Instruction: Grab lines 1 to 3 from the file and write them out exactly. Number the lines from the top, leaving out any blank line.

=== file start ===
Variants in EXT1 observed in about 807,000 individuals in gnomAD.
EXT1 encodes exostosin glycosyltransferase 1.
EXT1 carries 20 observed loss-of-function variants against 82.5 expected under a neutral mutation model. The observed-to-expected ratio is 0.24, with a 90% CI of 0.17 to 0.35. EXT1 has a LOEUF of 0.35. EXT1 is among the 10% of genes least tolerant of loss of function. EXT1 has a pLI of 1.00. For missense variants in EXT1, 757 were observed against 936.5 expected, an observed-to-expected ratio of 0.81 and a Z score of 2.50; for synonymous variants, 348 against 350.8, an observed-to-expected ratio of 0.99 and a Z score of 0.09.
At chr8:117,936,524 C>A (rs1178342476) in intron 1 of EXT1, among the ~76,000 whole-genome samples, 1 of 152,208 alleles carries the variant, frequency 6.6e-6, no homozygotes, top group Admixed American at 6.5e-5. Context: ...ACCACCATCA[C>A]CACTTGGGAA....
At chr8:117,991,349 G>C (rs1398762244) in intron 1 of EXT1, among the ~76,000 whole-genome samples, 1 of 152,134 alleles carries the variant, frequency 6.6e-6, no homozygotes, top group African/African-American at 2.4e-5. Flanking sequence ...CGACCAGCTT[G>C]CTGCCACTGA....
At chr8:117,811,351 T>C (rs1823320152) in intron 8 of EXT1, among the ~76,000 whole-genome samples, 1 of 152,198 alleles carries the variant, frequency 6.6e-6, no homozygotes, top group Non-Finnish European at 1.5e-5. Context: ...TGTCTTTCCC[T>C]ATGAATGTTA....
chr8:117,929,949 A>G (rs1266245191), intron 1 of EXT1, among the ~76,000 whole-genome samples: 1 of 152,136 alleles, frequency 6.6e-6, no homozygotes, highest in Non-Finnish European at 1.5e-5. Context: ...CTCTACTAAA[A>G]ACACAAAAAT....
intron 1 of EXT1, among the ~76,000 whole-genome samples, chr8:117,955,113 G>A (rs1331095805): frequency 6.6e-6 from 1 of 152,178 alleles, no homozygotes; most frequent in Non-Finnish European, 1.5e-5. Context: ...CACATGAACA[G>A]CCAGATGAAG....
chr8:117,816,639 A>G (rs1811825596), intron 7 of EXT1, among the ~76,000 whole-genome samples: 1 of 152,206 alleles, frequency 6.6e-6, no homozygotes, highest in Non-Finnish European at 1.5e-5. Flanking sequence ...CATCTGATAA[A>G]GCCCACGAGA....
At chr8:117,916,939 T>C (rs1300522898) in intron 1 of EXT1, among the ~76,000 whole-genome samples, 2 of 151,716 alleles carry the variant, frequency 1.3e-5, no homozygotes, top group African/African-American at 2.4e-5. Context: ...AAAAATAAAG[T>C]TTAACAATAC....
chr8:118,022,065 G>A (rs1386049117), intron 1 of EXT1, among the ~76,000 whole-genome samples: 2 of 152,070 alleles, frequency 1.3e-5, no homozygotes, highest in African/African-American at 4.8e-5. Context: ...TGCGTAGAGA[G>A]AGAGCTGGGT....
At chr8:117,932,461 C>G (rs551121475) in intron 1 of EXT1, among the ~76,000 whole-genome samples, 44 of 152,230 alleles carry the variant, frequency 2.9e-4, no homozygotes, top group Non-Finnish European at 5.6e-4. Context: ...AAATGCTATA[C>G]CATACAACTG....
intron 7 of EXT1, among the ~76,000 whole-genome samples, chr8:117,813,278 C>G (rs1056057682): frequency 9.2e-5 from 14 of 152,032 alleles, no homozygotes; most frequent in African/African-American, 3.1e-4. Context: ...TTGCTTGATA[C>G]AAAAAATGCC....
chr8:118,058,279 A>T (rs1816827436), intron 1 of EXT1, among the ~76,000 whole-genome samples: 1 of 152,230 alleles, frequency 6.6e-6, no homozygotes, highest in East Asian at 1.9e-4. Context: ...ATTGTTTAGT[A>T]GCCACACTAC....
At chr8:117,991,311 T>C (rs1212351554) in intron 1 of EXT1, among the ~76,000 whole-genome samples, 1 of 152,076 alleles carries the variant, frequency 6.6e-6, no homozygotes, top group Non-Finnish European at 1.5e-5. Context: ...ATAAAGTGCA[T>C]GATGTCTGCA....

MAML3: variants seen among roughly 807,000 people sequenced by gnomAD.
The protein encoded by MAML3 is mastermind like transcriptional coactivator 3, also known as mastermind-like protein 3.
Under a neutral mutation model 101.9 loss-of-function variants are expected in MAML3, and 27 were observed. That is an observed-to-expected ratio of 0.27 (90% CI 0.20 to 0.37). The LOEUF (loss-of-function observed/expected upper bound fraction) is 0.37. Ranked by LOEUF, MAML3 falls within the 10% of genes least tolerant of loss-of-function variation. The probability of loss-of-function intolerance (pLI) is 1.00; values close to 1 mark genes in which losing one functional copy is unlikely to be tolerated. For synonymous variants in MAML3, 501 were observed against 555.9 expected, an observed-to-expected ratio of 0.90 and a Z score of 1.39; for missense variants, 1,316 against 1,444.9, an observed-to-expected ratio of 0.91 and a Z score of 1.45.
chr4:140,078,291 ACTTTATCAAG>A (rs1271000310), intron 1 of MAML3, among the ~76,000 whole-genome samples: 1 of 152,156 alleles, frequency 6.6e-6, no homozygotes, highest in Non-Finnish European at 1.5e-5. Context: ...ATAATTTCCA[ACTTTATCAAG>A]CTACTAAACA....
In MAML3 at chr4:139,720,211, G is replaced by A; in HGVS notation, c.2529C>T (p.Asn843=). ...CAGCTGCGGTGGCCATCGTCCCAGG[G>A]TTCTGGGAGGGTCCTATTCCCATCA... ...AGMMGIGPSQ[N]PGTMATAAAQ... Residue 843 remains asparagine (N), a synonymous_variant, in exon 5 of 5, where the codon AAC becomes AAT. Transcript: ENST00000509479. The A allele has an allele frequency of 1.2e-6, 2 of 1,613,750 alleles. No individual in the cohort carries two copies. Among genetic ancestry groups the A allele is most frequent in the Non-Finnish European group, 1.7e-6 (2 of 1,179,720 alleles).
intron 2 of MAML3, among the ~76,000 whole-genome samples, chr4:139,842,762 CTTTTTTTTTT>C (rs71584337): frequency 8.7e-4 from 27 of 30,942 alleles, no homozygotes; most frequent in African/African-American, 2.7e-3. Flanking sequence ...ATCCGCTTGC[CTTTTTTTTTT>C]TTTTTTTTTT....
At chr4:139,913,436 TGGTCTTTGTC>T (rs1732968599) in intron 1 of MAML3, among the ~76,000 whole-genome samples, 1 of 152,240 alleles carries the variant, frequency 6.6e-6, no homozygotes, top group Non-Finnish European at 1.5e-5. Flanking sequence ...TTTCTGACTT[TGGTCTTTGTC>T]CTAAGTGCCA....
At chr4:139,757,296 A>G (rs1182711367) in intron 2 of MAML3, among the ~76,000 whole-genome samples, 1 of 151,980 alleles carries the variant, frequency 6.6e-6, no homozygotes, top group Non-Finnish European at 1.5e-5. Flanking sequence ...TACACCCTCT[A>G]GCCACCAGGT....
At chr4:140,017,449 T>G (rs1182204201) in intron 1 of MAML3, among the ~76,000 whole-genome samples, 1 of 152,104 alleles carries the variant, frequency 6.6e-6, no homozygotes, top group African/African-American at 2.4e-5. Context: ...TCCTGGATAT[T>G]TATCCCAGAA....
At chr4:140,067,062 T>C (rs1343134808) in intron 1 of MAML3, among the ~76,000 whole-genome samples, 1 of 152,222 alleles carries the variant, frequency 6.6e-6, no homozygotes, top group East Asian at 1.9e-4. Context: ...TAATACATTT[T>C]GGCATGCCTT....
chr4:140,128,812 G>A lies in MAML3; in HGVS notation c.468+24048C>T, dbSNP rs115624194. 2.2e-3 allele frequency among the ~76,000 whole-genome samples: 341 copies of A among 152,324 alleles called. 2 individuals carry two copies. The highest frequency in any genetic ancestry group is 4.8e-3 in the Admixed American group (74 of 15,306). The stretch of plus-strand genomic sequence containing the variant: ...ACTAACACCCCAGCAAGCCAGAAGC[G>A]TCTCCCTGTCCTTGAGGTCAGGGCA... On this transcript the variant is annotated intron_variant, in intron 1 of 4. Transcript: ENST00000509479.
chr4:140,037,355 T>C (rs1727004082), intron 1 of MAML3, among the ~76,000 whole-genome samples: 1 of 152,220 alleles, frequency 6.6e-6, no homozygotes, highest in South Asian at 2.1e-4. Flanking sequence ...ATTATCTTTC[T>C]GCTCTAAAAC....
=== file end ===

Variants in EXT1 observed in about 807,000 individuals in gnomAD.
EXT1 encodes exostosin glycosyltransferase 1.
EXT1 carries 20 observed loss-of-function variants against 82.5 expected under a neutral mutation model. The observed-to-expected ratio is 0.24, with a 90% CI of 0.17 to 0.35. EXT1 has a LOEUF of 0.35. EXT1 is among the 10% of genes least tolerant of loss of function. EXT1 has a pLI of 1.00. For missense variants in EXT1, 757 were observed against 936.5 expected, an observed-to-expected ratio of 0.81 and a Z score of 2.50; for synonymous variants, 348 against 350.8, an observed-to-expected ratio of 0.99 and a Z score of 0.09.